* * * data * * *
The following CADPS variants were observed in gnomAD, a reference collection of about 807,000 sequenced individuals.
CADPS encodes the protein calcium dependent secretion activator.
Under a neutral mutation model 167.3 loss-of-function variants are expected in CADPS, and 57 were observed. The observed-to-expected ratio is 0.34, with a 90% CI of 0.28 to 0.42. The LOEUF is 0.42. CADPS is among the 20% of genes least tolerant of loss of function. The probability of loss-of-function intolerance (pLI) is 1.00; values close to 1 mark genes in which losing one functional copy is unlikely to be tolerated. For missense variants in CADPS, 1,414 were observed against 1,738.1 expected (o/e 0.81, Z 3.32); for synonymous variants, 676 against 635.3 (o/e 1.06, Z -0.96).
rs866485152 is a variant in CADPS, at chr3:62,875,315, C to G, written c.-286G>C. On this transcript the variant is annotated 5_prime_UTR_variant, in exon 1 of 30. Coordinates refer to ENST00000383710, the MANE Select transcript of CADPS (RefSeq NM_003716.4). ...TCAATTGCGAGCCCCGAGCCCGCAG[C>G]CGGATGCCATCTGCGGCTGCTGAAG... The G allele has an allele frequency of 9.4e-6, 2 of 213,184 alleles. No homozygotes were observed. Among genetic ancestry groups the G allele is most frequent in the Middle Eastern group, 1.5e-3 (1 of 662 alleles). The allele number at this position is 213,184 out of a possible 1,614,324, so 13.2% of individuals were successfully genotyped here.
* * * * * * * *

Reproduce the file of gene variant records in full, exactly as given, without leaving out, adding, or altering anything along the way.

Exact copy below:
The following CADPS variants were observed in gnomAD, a reference collection of about 807,000 sequenced individuals.
CADPS encodes the protein calcium dependent secretion activator.
Under a neutral mutation model 167.3 loss-of-function variants are expected in CADPS, and 57 were observed. The observed-to-expected ratio is 0.34, with a 90% CI of 0.28 to 0.42. The LOEUF is 0.42. CADPS is among the 20% of genes least tolerant of loss of function. The probability of loss-of-function intolerance (pLI) is 1.00; values close to 1 mark genes in which losing one functional copy is unlikely to be tolerated. For missense variants in CADPS, 1,414 were observed against 1,738.1 expected (o/e 0.81, Z 3.32); for synonymous variants, 676 against 635.3 (o/e 1.06, Z -0.96).
rs866485152 is a variant in CADPS, at chr3:62,875,315, C to G, written c.-286G>C. On this transcript the variant is annotated 5_prime_UTR_variant, in exon 1 of 30. Coordinates refer to ENST00000383710, the MANE Select transcript of CADPS (RefSeq NM_003716.4). ...TCAATTGCGAGCCCCGAGCCCGCAG[C>G]CGGATGCCATCTGCGGCTGCTGAAG... The G allele has an allele frequency of 9.4e-6, 2 of 213,184 alleles. No homozygotes were observed. Among genetic ancestry groups the G allele is most frequent in the Middle Eastern group, 1.5e-3 (1 of 662 alleles). The allele number at this position is 213,184 out of a possible 1,614,324, so 13.2% of individuals were successfully genotyped here.